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A Fresh Look at Differential Expression

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  • Title: Associate Professor, University of Massachusetts Medical School
  • Education: PhD, Medicine Utrecht University, The Netherlands, 1997
  • Recommender: Marc Vidal

Sometimes taking a backward approach to a common problem can yield surprising results. Such is the thought process of Marian Walhout, who is using a roundabout way of studying differential gene expression in C. elegans.

The standard operating procedure for this kind of gene expression research is usually a method centered on transcription factors, wherein one starts with a transcription factor of interest and then proceeds to locate where it binds in the genome. Walhout is going the other way around by taking a piece of DNA and then attempting to find out the factors that bind to that piece of DNA.

"Technically this approach is different because we use a method called the yeast one-hybrid system, whereas the method that has been used a lot is the yeast two-hybrid system, so it is different from what anybody else is doing in the field," she says. "I'm not saying one-hybrid is better or is more important, but that it's complementary — and this is what we need, different methods that can tackle the problem in different ways and from different angles. And that's our unique approach to the problem that no one is doing."

After finishing what she calls a "hard core" PhD in the biochemistry of transcription in her native Holland, Walhout was eager to find the best place to do a postdoc in the US; Marc Vidal, who has a lab at the Dana-Farber Cancer Institute, came highly recommended. "Marc works in yeast, and that I liked, and he was interested in understanding the human genome from the view of protein-protein interactions, and that I liked, even though it was a little enigmatic to me at the time," she says. "Then we met and really hit it off. We are completely like-minded in science, and both of us benefited tremendously from working with each other, so it was highly synergistic, which was just fantastic."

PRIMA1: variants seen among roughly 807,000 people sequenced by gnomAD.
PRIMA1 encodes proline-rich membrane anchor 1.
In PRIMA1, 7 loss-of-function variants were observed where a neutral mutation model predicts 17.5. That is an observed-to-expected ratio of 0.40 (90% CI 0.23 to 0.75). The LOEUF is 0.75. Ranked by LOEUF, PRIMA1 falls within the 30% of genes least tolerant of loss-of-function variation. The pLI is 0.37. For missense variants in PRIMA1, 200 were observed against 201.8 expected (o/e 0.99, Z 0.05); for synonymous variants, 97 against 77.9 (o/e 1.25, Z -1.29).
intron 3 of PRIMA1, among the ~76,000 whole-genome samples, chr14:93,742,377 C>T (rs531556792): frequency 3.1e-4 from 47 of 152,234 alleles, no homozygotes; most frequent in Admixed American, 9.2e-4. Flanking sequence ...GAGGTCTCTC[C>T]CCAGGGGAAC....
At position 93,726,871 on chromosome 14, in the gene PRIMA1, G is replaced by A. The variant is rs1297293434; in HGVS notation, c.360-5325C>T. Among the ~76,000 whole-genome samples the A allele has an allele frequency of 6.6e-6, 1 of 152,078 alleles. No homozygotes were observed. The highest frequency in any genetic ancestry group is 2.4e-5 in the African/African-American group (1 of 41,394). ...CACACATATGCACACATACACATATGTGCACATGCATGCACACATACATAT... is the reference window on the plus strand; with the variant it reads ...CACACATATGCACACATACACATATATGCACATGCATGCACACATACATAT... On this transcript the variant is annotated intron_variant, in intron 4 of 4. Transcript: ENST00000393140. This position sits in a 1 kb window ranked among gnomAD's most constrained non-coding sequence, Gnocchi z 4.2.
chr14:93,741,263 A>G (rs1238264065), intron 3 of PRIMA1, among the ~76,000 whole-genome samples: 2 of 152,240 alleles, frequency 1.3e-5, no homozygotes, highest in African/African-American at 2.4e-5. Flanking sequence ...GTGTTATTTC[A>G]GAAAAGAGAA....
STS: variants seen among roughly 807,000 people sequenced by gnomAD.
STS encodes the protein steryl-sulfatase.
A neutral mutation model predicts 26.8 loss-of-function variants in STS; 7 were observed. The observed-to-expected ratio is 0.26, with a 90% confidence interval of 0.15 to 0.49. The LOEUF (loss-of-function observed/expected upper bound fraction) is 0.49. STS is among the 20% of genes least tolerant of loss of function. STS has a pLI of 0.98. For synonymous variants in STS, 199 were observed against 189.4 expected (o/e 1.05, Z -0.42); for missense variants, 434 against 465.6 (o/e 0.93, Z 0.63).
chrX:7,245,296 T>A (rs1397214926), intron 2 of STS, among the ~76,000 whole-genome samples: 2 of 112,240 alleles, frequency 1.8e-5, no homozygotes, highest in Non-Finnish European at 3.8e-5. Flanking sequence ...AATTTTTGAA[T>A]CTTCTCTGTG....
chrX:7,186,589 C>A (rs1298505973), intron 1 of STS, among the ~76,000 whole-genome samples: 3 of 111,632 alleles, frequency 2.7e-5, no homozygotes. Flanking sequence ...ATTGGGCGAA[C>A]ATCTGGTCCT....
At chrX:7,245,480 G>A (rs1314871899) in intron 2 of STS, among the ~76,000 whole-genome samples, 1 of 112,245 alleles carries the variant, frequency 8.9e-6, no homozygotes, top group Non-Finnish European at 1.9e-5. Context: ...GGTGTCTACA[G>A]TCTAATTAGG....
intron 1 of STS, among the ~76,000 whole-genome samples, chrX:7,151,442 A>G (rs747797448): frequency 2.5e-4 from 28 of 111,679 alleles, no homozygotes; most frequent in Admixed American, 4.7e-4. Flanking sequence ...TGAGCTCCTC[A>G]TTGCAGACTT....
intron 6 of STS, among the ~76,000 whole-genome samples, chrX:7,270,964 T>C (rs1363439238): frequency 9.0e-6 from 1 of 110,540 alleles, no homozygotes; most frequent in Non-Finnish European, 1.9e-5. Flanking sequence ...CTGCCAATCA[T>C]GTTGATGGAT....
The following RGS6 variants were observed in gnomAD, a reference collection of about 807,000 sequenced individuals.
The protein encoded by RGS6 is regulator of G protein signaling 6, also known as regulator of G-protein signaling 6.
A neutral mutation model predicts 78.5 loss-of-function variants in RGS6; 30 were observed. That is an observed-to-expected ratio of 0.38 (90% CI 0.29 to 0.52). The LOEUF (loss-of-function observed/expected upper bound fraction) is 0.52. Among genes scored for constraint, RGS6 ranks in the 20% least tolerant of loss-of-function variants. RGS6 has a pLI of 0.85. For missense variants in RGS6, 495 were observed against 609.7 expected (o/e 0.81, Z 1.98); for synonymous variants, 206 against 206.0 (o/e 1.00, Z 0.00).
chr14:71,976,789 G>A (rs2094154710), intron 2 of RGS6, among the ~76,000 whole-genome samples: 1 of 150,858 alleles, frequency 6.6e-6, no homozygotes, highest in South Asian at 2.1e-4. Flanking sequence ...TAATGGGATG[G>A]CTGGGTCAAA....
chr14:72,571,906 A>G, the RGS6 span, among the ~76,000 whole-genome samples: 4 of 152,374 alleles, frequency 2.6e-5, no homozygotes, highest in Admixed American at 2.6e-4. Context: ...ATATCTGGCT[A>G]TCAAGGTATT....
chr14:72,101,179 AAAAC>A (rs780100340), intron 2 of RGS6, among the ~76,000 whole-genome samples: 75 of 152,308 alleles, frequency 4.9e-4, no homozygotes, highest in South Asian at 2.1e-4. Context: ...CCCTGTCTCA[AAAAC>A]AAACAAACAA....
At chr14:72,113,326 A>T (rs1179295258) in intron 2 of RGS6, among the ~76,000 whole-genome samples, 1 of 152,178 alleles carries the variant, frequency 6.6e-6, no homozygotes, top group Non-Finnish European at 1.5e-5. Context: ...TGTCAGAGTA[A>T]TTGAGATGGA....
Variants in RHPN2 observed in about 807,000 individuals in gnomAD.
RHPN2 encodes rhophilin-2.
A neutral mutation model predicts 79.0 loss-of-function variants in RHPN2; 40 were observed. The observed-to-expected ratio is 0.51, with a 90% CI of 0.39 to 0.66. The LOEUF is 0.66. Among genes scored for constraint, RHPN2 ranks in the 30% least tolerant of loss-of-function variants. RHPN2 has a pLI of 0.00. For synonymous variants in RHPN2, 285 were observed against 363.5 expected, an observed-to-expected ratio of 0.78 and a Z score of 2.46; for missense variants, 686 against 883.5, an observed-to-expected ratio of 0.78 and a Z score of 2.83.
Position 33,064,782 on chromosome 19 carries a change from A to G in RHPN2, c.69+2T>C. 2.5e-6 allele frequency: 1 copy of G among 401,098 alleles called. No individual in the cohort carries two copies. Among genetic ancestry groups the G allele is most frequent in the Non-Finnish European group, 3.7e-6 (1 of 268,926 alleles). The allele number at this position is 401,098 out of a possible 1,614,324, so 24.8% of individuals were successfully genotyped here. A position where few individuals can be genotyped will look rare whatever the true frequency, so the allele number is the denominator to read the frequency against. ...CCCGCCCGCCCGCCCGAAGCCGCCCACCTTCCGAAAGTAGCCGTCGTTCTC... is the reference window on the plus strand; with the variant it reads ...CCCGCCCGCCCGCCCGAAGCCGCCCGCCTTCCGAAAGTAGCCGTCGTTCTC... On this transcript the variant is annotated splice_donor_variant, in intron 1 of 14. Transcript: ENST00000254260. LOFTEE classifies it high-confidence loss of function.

Looking ahead

Walhout says that ultimately her lab has two big genome-related goals for the long term. The first is to go one or two orders of scale more than what they are currently able to do in C. elegans. "We are further automating our pipeline and we are almost there, so in three years or so we should have much more comprehensive networks that we can study and get the idea of the principle for how they control gene regulation within the worm," she says.

And if she can get the funding, Walhout says she would also like to apply the approach she has developed to humans. "Because now we have set up all the technology in the worm, now we are ready to go to an even more complex problem, which is the human genome," she says. "So that is midterm, but even longer term, it will be very exciting to start comparing those networks."

Publications of note

In 2006, Walhout and her colleagues published "A gene-centered C. elegans protein-DNA interaction network" in Cell. The team demonstrated for the first time its approach to differential gene expression, which was in opposition to what the field had been doing up to that point. The authors postulated that highly connected transcription factors were more important for the survival of the nematode when compared to transcription factors with fewer connections, suggesting that there is a multi-layered system of gene regulation.

And the Nobel goes to ...

"I think our work is a very important contribution to the field," she says. "And that is something I would like to be recognized for by the community, even though it may not be Nobel accomplishment."

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